About 10 years ago I took a class at my Alma mater, FCI for a bread course. The teachers we had were two different personalities, Nick Greco an Italian-American baker who was very hands on with stories of his fathers baking in the Arthur Ave. bakeries. David Norman, a bookish baker who was self taught and was a student of German language as well as bread, he drilled us with bakers percents, rolling his eye's as we looked at his bakers cross as if it was an algebra exercise!
So this last week being the final deluge of dinners and events before Thanksgiving at my workplace. I tried fruitlessly to bake some loaves, most landing in the garbage, I know I probably should save them as soakers for new breads! (noted).
Feeling that either I had lost my touch or the levain was putrid, I dug through my files when I found an old e-mail from Nick who I would pester about formulas, this was years after the class had already ended! Nick was very busy but kindly sent me a formula, I haven't heard from or of him since. David is in Texas with his author wife Paula Disbrowe living on a farm!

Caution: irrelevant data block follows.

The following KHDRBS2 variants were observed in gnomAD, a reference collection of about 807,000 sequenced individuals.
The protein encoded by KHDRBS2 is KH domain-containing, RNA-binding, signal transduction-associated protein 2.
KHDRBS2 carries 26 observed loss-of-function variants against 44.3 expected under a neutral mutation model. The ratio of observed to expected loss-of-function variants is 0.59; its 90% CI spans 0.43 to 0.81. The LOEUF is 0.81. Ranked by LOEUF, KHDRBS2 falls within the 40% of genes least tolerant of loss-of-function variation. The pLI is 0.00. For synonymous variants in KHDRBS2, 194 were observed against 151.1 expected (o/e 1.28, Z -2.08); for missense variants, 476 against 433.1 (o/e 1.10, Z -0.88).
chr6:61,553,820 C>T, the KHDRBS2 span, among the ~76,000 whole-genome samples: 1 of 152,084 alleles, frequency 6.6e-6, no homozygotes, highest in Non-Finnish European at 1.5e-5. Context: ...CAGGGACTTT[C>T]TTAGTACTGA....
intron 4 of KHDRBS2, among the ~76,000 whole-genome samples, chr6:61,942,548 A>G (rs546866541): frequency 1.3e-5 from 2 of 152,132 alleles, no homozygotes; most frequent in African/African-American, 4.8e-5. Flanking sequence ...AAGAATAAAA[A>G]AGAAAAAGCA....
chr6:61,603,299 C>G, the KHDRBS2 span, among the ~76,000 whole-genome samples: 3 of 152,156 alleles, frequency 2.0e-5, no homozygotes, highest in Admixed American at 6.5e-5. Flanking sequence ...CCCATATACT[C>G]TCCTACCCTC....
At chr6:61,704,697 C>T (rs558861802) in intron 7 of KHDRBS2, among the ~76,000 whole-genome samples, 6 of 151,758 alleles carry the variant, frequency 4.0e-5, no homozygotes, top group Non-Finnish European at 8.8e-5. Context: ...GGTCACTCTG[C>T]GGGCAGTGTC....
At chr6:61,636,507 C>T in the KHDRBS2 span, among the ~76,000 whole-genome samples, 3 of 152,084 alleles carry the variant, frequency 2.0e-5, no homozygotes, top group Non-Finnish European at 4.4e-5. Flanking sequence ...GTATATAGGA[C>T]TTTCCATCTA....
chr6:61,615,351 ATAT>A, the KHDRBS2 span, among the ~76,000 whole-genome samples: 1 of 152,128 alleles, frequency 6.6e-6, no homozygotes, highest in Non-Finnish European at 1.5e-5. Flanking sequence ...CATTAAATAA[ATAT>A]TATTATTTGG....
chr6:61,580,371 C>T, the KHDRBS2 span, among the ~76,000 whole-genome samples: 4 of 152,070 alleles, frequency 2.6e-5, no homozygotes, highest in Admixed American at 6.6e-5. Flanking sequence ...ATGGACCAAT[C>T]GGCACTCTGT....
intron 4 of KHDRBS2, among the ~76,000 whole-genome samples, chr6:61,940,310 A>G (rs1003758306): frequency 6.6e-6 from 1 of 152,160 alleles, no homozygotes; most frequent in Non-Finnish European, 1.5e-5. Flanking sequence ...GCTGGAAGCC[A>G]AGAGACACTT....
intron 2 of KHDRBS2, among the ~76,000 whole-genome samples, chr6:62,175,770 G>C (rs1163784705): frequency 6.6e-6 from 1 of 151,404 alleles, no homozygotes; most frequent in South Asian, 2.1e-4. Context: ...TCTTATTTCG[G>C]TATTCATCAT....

Both of these bakers shaped the way I followed my home baking career and I wanted to thank them for their patience and advice, though admittedly I still am a lazy baker, my shaping somewhat unorthodox, slashing technique getting better and most of all my love of baking increasing like a bubbling levain!
87 g levain
346g Bread Flour
52g whole wheat
I being "The lazy baker" will tell you I left the bread to rise about 2.5 to 3 hours with folds inbetween, I think it was two total, shaped the loaf and put it into a rye dusted banneton, let it sit at room temp, (actually in the oven since it was so bloody chilly last nite, then covered and into the fridge overnight!
Baked at about 450F